Local artists often find themselves performing in small clubs, coffeehouses, house parties, and even on the streets in downtown areas. They rarely get the chance to show their talents on the big stage, but that may be changing.
New Jersey Stage first noticed Monmouth University in West Long Branch giving local artists the chance to headline shows in its beautiful Pollak Theatre when The Weeklings performed there in November. That wasn’t too much of a stretch considering one of the band members, Glen Burtnik, released a pair of albums on A&M Records in the 1980s and his shows featuring the music of The Beatles and Summer of Love (which include all of the members in The Weeklings) routinely sell out shows in theatres across the state.
Then in February, the Matt O’Ree Band had a headlining show. This was digging deeper into the local music scene, but still involved a guitarist who once performed around the world as a member of Bon Jovi’s band.
But the show in March is something different. It’s a clear sign Monmouth University recognizes the talent in the local music scene and wants to shine a spotlight on it. To do so, they’ve entrusted James Dalton to gather a group of musicians for Songs & Stories Featuring James Dalton & Friends. The show takes place on Friday, March 29th at 8:00pm with James Dalton hosting a special songwriter in-the-round show with Steve Delopolous, Michael Ronstadt, Steve Reilly, April Centrone, Andy Keenan, Karlee Bloom, and Tara Dente.
“When I was approached by Vaune Peck (Director of Monmouth University’s Center for the Arts) to do this, she was looking to do something more focused on the local music scene being original,” explained James Dalton. “She knew that I had plenty of people around me - people I was friends with or had worked with - that were great artists who are locally based and who had a lot to offer. She felt like a lot of us in the local scene deserved a shot at the big stage.”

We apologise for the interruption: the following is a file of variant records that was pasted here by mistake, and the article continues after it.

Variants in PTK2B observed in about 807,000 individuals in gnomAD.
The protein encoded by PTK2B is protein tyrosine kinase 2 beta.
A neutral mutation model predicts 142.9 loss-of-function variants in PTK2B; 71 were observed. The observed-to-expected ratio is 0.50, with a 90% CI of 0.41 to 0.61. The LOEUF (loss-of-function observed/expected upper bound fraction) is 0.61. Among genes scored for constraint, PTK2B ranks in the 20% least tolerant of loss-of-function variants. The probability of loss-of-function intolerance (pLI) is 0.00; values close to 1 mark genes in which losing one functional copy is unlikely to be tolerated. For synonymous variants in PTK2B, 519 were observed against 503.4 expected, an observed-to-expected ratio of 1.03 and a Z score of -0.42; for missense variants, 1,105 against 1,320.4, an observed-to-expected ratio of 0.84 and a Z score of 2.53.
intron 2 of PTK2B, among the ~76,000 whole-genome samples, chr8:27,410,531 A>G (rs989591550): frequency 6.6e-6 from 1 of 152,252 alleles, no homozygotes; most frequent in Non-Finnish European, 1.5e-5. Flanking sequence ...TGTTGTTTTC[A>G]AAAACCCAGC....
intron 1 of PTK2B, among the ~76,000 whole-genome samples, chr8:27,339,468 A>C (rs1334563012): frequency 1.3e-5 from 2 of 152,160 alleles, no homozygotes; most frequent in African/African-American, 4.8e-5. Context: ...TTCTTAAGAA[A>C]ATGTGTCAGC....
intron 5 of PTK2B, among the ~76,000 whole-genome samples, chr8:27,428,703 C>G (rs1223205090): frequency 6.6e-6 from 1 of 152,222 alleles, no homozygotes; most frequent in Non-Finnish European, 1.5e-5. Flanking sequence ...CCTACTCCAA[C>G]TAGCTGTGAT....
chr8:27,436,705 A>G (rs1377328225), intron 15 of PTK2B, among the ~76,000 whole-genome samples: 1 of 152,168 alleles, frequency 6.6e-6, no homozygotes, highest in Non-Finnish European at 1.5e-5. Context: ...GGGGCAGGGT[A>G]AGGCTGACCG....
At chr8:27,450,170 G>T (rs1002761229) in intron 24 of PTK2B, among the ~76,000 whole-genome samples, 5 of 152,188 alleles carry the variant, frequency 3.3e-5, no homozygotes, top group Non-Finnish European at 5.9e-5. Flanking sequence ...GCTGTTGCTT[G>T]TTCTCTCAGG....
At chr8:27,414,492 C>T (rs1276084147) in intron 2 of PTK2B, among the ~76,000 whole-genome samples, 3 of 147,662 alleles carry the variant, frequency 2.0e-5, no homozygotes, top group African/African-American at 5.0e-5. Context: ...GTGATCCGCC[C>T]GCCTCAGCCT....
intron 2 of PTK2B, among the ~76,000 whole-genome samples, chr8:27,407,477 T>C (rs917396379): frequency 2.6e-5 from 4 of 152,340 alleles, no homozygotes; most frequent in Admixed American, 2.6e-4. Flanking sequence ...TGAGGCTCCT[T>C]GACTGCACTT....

The New Jersey music scene has always had to compete with the plethora of cover bands who fill bars and clubs around the state. For every Bruce Springsteen and Jon Bon Jovi who achieve super stardom, there are ten bands making a living performing the songs made famous by those two. But those who go to the original music clubs know the state is full of talent, including artists touring nationally and those who could break at any time.
Landing a shot at the big stage did pose one problem though. How do you take an artist whose fanbase is used to paying $5 or $10 at a club or even seeing him perform for free in a coffeehouse and get those fans and more to pay $25-$35 for a show?
“What that leads you to is not the challenge of that price, but how do you create value at that price?” said Dalton. “You can see a lot of the performers that I’m working with in different settings with no cover or at the $5/$10 price. You can catch us at all the usual spots, doing all the usual things with all of the usual suspects and that’s a regular thing. But what I set out to do with this particular show was to curate a crew of people that were unique enough, but also could gel well together. I want to offer not just a James Dalton show and a Steve Delopolous show and a Steve Reilly show - all of which are fantastic shows on their own - but I wanted to find a way where we all did something different. A one-off performance that would be different from all other shows.”
The concept of in-the-round singer-songwriter circles is well known. Artists generally tell a little story about the song they’re about to play then they play the song and the process is repeated by the next artist. Dalton’s show takes that concept to a different, more personal level.